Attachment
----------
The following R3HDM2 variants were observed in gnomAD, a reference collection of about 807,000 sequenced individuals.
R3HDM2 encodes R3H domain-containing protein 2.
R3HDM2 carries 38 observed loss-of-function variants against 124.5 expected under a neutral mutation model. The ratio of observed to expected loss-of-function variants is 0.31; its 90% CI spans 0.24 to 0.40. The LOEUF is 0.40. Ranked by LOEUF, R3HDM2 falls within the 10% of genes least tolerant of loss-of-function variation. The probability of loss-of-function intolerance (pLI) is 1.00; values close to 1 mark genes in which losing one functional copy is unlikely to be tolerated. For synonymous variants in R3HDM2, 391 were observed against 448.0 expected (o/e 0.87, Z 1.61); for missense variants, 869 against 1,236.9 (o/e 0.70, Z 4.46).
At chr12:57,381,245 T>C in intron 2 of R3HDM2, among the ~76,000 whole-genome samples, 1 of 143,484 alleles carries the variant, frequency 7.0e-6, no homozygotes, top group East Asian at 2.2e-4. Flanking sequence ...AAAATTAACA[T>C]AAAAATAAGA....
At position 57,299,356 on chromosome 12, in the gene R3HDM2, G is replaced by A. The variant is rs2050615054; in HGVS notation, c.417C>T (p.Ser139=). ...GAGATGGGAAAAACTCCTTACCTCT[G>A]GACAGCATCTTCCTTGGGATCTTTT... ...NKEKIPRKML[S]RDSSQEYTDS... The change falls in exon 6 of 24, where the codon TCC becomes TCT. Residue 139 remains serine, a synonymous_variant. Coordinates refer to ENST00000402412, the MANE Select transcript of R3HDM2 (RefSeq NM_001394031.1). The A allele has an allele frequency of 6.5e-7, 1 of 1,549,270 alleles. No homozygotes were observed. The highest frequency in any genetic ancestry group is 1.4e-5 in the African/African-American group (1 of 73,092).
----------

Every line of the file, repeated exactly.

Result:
The following R3HDM2 variants were observed in gnomAD, a reference collection of about 807,000 sequenced individuals.
R3HDM2 encodes R3H domain-containing protein 2.
R3HDM2 carries 38 observed loss-of-function variants against 124.5 expected under a neutral mutation model. The ratio of observed to expected loss-of-function variants is 0.31; its 90% CI spans 0.24 to 0.40. The LOEUF is 0.40. Ranked by LOEUF, R3HDM2 falls within the 10% of genes least tolerant of loss-of-function variation. The probability of loss-of-function intolerance (pLI) is 1.00; values close to 1 mark genes in which losing one functional copy is unlikely to be tolerated. For synonymous variants in R3HDM2, 391 were observed against 448.0 expected (o/e 0.87, Z 1.61); for missense variants, 869 against 1,236.9 (o/e 0.70, Z 4.46).
At chr12:57,381,245 T>C in intron 2 of R3HDM2, among the ~76,000 whole-genome samples, 1 of 143,484 alleles carries the variant, frequency 7.0e-6, no homozygotes, top group East Asian at 2.2e-4. Flanking sequence ...AAAATTAACA[T>C]AAAAATAAGA....
At position 57,299,356 on chromosome 12, in the gene R3HDM2, G is replaced by A. The variant is rs2050615054; in HGVS notation, c.417C>T (p.Ser139=). ...GAGATGGGAAAAACTCCTTACCTCT[G>A]GACAGCATCTTCCTTGGGATCTTTT... ...NKEKIPRKML[S]RDSSQEYTDS... The change falls in exon 6 of 24, where the codon TCC becomes TCT. Residue 139 remains serine, a synonymous_variant. Coordinates refer to ENST00000402412, the MANE Select transcript of R3HDM2 (RefSeq NM_001394031.1). The A allele has an allele frequency of 6.5e-7, 1 of 1,549,270 alleles. No homozygotes were observed. The highest frequency in any genetic ancestry group is 1.4e-5 in the African/African-American group (1 of 73,092).